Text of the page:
Visiting Associate Professor
George Washington University Law School (2009-10)
Florida State University College of Law"
Opponents of the value-added tax complain that it is not sufficiently visible to voters, and is thereby an obstacle to responsible public spending. But in fact government spending is no lower in countries with more visible taxes.
Last week I explained how reforming the income tax system — perhaps by replacing it with a more efficient value-added tax (VAT) — might fuel further growth in government spending because less efficient taxes create more political pressure against big government.
Some economists agree with my conclusion, but for a different reason. Because the VAT is collected at each stage of production and, unlike our state and local sales taxes, is not shown to consumers separately from purchase prices, it has been said that VATs are not visible enough to voters to create much electoral resistance to raising their rates.
John Kass of The Chicago Tribune even suggested perhaps the ultimate in tax visibility — that income taxes be collected only once per year: the day before election day.
The pattern of social security taxes across countries provides a test of these theories, because countries differ in how they collect public pension payroll taxes. Some countries, such as the Netherlands, take most of the tax out of employee paychecks, while others, such as France, levy most of the payroll tax on employers. The United States and several other countries take an equal amount from employee paychecks and from employers.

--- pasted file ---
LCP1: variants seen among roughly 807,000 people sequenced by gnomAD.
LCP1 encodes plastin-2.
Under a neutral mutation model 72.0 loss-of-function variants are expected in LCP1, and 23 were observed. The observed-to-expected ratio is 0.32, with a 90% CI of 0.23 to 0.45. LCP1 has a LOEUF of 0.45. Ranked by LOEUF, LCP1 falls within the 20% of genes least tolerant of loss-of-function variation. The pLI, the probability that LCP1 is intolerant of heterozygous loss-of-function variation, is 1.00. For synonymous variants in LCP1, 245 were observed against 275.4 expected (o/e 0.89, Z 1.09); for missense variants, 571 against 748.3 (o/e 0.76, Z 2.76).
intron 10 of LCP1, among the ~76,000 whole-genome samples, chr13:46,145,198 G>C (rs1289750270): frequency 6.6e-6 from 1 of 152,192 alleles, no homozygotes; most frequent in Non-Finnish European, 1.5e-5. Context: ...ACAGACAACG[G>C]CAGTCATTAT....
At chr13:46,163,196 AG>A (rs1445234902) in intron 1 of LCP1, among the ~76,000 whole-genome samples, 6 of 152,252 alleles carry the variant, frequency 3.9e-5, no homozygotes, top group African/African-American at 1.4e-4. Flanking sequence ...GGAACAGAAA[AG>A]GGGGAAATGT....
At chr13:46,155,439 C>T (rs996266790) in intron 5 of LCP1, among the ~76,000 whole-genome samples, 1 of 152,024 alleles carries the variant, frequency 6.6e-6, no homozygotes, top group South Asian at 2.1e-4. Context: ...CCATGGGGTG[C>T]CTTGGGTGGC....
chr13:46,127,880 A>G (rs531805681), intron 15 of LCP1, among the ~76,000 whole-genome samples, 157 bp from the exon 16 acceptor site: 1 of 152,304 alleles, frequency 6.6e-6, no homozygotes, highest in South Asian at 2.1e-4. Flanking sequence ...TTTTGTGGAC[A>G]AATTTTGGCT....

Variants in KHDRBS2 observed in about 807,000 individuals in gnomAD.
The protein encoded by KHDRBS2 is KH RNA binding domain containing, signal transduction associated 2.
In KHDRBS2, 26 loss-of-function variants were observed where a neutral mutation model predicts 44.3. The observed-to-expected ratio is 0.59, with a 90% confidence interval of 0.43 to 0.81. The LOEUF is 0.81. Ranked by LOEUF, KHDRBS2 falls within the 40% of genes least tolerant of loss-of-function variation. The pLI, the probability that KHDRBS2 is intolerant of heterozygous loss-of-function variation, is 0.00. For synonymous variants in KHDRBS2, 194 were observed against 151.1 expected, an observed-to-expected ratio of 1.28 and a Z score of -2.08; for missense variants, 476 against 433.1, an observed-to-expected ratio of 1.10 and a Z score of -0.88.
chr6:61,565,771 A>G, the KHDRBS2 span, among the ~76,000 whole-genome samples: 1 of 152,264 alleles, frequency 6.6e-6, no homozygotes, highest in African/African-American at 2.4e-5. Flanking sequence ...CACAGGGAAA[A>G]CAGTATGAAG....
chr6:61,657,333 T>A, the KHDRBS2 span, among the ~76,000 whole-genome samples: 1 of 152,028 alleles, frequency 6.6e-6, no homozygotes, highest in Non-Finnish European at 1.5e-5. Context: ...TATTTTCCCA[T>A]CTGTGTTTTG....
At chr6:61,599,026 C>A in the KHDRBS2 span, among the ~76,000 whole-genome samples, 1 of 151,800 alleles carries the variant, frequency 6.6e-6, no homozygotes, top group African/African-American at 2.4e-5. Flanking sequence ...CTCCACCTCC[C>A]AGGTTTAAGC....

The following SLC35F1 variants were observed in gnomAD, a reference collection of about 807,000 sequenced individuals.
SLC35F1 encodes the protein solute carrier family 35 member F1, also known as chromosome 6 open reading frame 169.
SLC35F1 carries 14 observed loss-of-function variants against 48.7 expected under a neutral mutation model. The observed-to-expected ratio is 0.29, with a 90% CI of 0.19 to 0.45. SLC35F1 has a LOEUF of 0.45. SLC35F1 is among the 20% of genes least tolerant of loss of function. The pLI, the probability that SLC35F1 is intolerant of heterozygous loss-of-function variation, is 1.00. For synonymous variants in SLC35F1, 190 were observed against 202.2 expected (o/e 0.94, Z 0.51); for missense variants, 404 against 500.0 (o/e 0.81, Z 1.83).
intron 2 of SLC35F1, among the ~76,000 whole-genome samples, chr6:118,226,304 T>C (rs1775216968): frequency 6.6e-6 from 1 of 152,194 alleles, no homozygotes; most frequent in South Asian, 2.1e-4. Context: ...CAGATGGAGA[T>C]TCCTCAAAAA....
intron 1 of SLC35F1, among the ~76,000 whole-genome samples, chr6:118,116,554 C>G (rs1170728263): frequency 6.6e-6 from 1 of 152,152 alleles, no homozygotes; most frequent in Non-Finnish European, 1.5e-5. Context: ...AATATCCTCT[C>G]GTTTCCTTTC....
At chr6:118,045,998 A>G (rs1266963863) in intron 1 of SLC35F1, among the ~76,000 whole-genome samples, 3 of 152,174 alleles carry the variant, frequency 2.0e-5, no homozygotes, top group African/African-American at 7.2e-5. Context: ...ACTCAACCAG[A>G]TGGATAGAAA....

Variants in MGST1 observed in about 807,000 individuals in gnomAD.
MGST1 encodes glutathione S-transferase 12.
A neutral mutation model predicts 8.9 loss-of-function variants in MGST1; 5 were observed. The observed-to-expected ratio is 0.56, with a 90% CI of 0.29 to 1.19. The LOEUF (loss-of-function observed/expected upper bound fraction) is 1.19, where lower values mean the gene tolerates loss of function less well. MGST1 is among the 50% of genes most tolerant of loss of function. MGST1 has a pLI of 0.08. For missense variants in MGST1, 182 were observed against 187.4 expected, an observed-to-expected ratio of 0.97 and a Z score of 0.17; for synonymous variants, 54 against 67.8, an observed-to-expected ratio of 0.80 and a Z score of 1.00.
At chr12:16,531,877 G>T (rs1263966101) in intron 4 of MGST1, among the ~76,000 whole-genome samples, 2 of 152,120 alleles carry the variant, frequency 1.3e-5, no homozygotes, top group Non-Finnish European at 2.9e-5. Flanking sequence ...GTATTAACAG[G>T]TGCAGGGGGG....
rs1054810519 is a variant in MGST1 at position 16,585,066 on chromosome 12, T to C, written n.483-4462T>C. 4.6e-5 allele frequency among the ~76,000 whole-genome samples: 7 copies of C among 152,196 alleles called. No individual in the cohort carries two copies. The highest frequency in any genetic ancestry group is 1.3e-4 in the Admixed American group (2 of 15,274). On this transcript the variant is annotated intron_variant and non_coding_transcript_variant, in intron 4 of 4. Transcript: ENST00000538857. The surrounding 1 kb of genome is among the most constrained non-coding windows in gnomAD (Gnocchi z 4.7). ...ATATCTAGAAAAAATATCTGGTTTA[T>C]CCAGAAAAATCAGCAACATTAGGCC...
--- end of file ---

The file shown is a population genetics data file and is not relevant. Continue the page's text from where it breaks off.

Payroll taxes are no less efficient if they are taken from employers rather than employees, but the taxes on employees are clearly more visible to employees. Indeed, economists themselves sometimes forget that their employer is liable for payroll taxes on their behalf!
Together with Xavier Sala-i-Martin of Columbia University and Ricard Gil of the University of California, Santa Cruz, I studied the patterns of payroll tax collections across countries over the years 1958-95.
Interestingly, democracies collect the payroll tax more visibly (that is, a greater share from employee paychecks) than nondemocracies do. But countries that put more of the tax on employees do not manage to spend less on public pensions (Social Security, as we call it in the United States).
The scatter diagram below shows public pension spending as a percentage of gross domestic product, versus the fraction of payroll taxes levied on employees rather than employers. Countries such as the United States with equal payments by employers and employees are shown up the middle of the chart: they all have an employee share of 0.5 but each has its own different propensity to spend on public pensions.
If more visible payroll taxes helped restrain payroll taxation, then we should see countries that take relatively more of the payroll tax from employees rather than employers — those in the right part of the chart — spending less of their G.D.P. on the public pensions for which these taxes are earmarked.
Instead, the correlation between the two variables is essentially zero (neither economically nor statistically significant). This result holds up when adjusting for a host of other variables that determine public pension spending, and excluding the Netherlands (an apparent outlier in its payroll tax collection).
I am not especially surprised that tax visibility is empirically unrelated to the amount of taxation and government spending, because the impressions of voters who see the more visible taxes are by no means the only determinant of government spending. Special interests matter too.